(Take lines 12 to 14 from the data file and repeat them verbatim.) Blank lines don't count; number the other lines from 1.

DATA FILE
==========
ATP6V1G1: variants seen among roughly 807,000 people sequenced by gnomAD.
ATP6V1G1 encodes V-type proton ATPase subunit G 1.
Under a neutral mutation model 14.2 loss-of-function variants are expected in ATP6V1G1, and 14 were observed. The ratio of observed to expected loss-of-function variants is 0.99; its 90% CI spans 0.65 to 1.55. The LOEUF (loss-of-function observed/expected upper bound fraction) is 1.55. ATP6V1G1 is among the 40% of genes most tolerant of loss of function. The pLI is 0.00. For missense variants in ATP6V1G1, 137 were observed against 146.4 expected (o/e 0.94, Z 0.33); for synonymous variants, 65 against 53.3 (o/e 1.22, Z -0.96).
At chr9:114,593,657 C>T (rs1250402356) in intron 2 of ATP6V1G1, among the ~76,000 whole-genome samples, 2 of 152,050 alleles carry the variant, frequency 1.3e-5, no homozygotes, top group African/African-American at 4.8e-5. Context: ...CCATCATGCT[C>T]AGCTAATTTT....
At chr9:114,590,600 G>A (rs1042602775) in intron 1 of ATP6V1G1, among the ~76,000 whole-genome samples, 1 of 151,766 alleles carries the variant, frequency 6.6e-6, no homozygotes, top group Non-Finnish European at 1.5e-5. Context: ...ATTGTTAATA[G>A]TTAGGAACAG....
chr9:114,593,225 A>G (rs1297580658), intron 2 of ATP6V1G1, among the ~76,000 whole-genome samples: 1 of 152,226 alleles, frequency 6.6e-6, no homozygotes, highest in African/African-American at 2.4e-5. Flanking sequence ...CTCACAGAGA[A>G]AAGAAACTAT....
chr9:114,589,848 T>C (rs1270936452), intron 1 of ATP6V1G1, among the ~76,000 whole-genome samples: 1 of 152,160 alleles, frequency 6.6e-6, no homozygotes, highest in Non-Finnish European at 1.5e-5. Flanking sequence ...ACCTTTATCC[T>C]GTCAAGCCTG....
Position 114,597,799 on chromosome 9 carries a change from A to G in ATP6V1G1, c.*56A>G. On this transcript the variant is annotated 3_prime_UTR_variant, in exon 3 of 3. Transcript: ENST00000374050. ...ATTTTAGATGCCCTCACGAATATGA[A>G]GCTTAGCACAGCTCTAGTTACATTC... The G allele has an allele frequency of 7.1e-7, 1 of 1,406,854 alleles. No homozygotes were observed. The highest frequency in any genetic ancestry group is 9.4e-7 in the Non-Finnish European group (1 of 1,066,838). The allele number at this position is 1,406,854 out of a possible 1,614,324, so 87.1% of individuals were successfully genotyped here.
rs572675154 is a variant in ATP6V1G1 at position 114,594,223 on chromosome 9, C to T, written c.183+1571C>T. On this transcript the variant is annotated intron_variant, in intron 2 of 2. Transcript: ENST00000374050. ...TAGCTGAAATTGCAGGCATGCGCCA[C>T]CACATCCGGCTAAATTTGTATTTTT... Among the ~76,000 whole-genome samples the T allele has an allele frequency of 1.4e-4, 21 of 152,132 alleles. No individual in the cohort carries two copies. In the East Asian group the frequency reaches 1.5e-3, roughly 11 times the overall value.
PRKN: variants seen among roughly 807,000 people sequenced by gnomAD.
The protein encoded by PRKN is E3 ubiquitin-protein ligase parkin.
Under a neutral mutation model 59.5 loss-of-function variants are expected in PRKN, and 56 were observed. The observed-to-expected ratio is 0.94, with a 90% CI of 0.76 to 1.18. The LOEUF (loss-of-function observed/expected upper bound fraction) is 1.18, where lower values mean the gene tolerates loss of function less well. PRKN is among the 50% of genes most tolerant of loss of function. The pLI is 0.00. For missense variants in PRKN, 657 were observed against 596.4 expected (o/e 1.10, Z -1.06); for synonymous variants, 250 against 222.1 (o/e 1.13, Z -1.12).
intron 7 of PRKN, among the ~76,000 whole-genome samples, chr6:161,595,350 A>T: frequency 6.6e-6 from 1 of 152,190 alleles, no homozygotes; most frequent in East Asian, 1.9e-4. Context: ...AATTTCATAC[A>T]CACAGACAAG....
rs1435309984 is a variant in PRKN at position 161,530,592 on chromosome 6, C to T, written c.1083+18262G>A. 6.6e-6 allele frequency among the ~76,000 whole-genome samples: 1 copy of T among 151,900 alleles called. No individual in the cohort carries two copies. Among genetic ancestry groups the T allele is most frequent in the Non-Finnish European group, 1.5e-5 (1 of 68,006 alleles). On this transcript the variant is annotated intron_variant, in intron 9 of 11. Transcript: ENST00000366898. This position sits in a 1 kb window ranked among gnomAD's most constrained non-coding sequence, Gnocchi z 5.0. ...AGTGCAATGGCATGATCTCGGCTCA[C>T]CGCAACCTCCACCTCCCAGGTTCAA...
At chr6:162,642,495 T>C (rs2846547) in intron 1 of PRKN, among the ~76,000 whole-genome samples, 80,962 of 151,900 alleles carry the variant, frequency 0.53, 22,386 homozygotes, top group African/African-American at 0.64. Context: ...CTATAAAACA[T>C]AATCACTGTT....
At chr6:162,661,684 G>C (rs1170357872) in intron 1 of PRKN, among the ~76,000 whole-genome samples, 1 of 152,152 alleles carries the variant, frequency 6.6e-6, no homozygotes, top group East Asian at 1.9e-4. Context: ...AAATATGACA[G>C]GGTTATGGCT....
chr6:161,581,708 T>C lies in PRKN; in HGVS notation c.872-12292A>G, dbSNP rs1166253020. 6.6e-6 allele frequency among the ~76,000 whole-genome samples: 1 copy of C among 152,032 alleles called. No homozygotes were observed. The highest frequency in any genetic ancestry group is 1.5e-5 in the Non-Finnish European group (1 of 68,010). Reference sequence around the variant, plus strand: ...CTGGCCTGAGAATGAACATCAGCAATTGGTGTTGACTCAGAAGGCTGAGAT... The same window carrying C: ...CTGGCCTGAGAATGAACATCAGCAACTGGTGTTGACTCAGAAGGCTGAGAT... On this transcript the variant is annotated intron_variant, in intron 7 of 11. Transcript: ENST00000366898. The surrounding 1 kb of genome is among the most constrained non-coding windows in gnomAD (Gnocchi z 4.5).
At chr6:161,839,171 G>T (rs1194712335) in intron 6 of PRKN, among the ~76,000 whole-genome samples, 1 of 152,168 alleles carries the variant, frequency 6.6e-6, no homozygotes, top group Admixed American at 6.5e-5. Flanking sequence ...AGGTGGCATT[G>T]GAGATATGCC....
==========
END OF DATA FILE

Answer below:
Under a neutral mutation model 59.5 loss-of-function variants are expected in PRKN, and 56 were observed. The observed-to-expected ratio is 0.94, with a 90% CI of 0.76 to 1.18. The LOEUF (loss-of-function observed/expected upper bound fraction) is 1.18, where lower values mean the gene tolerates loss of function less well. PRKN is among the 50% of genes most tolerant of loss of function. The pLI is 0.00. For missense variants in PRKN, 657 were observed against 596.4 expected (o/e 1.10, Z -1.06); for synonymous variants, 250 against 222.1 (o/e 1.13, Z -1.12).
intron 7 of PRKN, among the ~76,000 whole-genome samples, chr6:161,595,350 A>T: frequency 6.6e-6 from 1 of 152,190 alleles, no homozygotes; most frequent in East Asian, 1.9e-4. Context: ...AATTTCATAC[A>T]CACAGACAAG....
rs1435309984 is a variant in PRKN at position 161,530,592 on chromosome 6, C to T, written c.1083+18262G>A. 6.6e-6 allele frequency among the ~76,000 whole-genome samples: 1 copy of T among 151,900 alleles called. No individual in the cohort carries two copies. Among genetic ancestry groups the T allele is most frequent in the Non-Finnish European group, 1.5e-5 (1 of 68,006 alleles). On this transcript the variant is annotated intron_variant, in intron 9 of 11. Transcript: ENST00000366898. This position sits in a 1 kb window ranked among gnomAD's most constrained non-coding sequence, Gnocchi z 5.0. ...AGTGCAATGGCATGATCTCGGCTCA[C>T]CGCAACCTCCACCTCCCAGGTTCAA...